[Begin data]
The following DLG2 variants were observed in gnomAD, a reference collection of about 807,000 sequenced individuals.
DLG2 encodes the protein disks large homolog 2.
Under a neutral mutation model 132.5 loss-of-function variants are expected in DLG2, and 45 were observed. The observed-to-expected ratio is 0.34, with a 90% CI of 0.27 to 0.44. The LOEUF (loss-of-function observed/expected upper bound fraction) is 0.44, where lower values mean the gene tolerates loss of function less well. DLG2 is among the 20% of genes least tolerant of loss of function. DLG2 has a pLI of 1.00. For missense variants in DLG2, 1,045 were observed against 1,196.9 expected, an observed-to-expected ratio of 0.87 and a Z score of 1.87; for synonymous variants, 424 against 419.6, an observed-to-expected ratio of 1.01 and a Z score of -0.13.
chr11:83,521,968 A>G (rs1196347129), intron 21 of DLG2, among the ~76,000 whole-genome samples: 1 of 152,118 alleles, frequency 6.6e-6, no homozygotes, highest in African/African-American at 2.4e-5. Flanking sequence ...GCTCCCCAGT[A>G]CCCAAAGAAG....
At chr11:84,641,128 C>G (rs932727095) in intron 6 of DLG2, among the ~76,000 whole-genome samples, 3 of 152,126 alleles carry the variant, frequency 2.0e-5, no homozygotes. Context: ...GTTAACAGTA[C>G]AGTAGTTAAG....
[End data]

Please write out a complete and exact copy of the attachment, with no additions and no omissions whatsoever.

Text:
The following DLG2 variants were observed in gnomAD, a reference collection of about 807,000 sequenced individuals.
DLG2 encodes the protein disks large homolog 2.
Under a neutral mutation model 132.5 loss-of-function variants are expected in DLG2, and 45 were observed. The observed-to-expected ratio is 0.34, with a 90% CI of 0.27 to 0.44. The LOEUF (loss-of-function observed/expected upper bound fraction) is 0.44, where lower values mean the gene tolerates loss of function less well. DLG2 is among the 20% of genes least tolerant of loss of function. DLG2 has a pLI of 1.00. For missense variants in DLG2, 1,045 were observed against 1,196.9 expected, an observed-to-expected ratio of 0.87 and a Z score of 1.87; for synonymous variants, 424 against 419.6, an observed-to-expected ratio of 1.01 and a Z score of -0.13.
chr11:83,521,968 A>G (rs1196347129), intron 21 of DLG2, among the ~76,000 whole-genome samples: 1 of 152,118 alleles, frequency 6.6e-6, no homozygotes, highest in African/African-American at 2.4e-5. Flanking sequence ...GCTCCCCAGT[A>G]CCCAAAGAAG....
At chr11:84,641,128 C>G (rs932727095) in intron 6 of DLG2, among the ~76,000 whole-genome samples, 3 of 152,126 alleles carry the variant, frequency 2.0e-5, no homozygotes. Context: ...GTTAACAGTA[C>G]AGTAGTTAAG....